Other presenters spoke about the history of Common Core and how it is manipulating our children/teachers/schools, how parents and mothers in particular are advocating for their children, the social-emotional impact of Common Core on children, special education, charter schools, annual professional performance review (APPR) and the cost of Common Core.  Candidate for governor Rob Astorino also spoke about his stand against Common Core.  Here is a link to the video playlist from the forum – Education Conversation video playlist and some pictures from the forum if you are on facebook.

 

Extended Learning Time Grant update

I posted a brief update here about the Extended Learning Time grant on June 30, 2014 as the nine school districts who won the grant were just finding out that they had won.  This is the grant that Kingston applied for last fall (grant mentioned at October 16, 2013 Kingston Board of Education meeting) but then withdrew the district’s application in March 2014 when Kingston parents raised concerns.

Parents in some of the school districts that received this grant have been exchanging information and discussing concerns about the grant.  This article indicates that some Utica parents have concerns but it looks like the district can not be ready to implement in September regardless.  The Utica district wants to have a forum with parents and staff to work out details and there isn’t time for everything to take place before September and the district has asked for a year delay in implementing the grant.  Note that this article states that participation would be voluntary for families but the Extended Learning Time FAQs clearly state that participation of the students in the schools receiving the grant is mandatory and an article posted later in the day also noted the correction.

I personally still remain very concerned about this grant because articles such as this article published in the New York State School Boards Association newsletter this month speak very positively of the Extended Learning Time concept but many parents are so concerned about the idea of their children spending even more time in school.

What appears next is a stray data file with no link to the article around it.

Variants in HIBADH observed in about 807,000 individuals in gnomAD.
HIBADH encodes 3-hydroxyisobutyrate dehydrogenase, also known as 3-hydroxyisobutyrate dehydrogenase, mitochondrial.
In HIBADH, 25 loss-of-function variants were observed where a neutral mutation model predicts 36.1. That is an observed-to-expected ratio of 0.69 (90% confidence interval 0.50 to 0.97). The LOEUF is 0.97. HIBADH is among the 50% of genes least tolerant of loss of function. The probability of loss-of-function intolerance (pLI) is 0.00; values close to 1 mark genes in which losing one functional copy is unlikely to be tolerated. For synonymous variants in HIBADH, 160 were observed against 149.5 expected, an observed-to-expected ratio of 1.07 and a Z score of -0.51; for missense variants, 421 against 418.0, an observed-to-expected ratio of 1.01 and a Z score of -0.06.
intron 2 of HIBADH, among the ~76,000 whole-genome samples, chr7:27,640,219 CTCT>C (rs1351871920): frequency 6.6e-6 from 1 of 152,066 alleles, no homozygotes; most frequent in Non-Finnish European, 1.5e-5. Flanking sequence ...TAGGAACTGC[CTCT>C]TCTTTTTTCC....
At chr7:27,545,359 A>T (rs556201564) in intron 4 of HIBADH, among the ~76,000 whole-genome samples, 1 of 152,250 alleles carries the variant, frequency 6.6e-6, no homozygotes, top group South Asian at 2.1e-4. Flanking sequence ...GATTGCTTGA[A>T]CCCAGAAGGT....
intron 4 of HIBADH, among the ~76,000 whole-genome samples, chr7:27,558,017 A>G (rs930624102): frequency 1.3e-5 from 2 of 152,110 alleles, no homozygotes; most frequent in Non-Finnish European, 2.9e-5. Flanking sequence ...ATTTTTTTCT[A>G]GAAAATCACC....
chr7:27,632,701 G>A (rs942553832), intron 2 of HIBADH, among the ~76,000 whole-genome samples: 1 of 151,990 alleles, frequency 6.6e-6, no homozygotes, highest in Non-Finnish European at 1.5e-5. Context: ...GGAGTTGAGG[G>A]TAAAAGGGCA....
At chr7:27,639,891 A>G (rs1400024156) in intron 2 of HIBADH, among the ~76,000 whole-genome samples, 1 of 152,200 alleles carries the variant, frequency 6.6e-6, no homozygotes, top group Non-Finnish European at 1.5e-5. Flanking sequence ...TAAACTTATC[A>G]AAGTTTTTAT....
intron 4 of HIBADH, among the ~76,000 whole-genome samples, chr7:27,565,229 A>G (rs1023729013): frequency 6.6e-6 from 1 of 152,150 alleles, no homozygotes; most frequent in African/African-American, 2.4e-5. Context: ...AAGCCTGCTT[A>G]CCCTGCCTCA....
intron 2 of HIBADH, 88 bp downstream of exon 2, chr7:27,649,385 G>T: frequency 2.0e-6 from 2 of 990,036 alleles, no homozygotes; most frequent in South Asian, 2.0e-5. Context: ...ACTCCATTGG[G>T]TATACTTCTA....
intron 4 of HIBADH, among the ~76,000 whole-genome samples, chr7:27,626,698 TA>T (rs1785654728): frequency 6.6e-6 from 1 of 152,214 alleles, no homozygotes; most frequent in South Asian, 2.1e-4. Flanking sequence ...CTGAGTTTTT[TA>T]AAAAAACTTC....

Why are school districts/school boards of education wanting to keep kids in school for longer school days/school years?

This document from the New York State Afterschool Network (NYSAN) explains the role that New York State sees for Expanded Learning Opportunies (of which Extended Learning Time is one option) as part of the reform that the Board of Regents/Governor Cuomo is trying to achieve.

ELOs are enriching educational experiences that happen outside of the traditional classroom and blend skill acquisition, relationship-building and fun to foster academic and social-emotional growth in students. Summer learning, afterschool programming, and extended-day models are all ELOs that, when well-implemented, play a critical role in turning around low performing schools and ensuring that students graduate from high school college and career ready.

Many of the programs mentioned in this document sound like wonderful programs and great things to offer to students, and I am not opposed to them, but what is it that is really trying to be achieved?

Research has shown that high-quality ELOs lead to academic benefits including increases in achievement and test scores, improved attendance and homework completion and higher graduation and promotion rates. ELOs also have demonstrated positive impacts on social-emotional learning and development and decreases in risk behaviors. They bring to low-income students the kinds of enrichments that more affluent students have access to regularly – art, music and drama, hands-on science, organized sports, and service and career exploration opportunities –and are critical for positive youth development, for exposing students to role models and potential mentors, and for stemming summer learning loss.

I believe the key is the ‘low-income students’ and offering them opportunities that they do not get otherwise.  I am for helping those who need help but I do not believe that it should be forced on everyone and I am not sure that the school district is the group most adept at providing the assistance.  In fact the document from NYSAN clearly describes that many community organizations are much more equipped to deal with the needs than the schools themselves are.

The point that concerns me with the districts who won the Extended Learning Time grant and with the NYSAN document is why are parents only mentioned as people to be ‘taught’ themselves by the schools/community agencies running the ELOs or as partners with the community agencies once the ELOs are in progress?  Why are parents not involved in the development of the programs from the ground up?  Doesn’t this sound familiar – wait, Common Core?  Isn’t that what just happened and now we are stuck with standards that are not working.  Do we also want a longer school day/longer school year?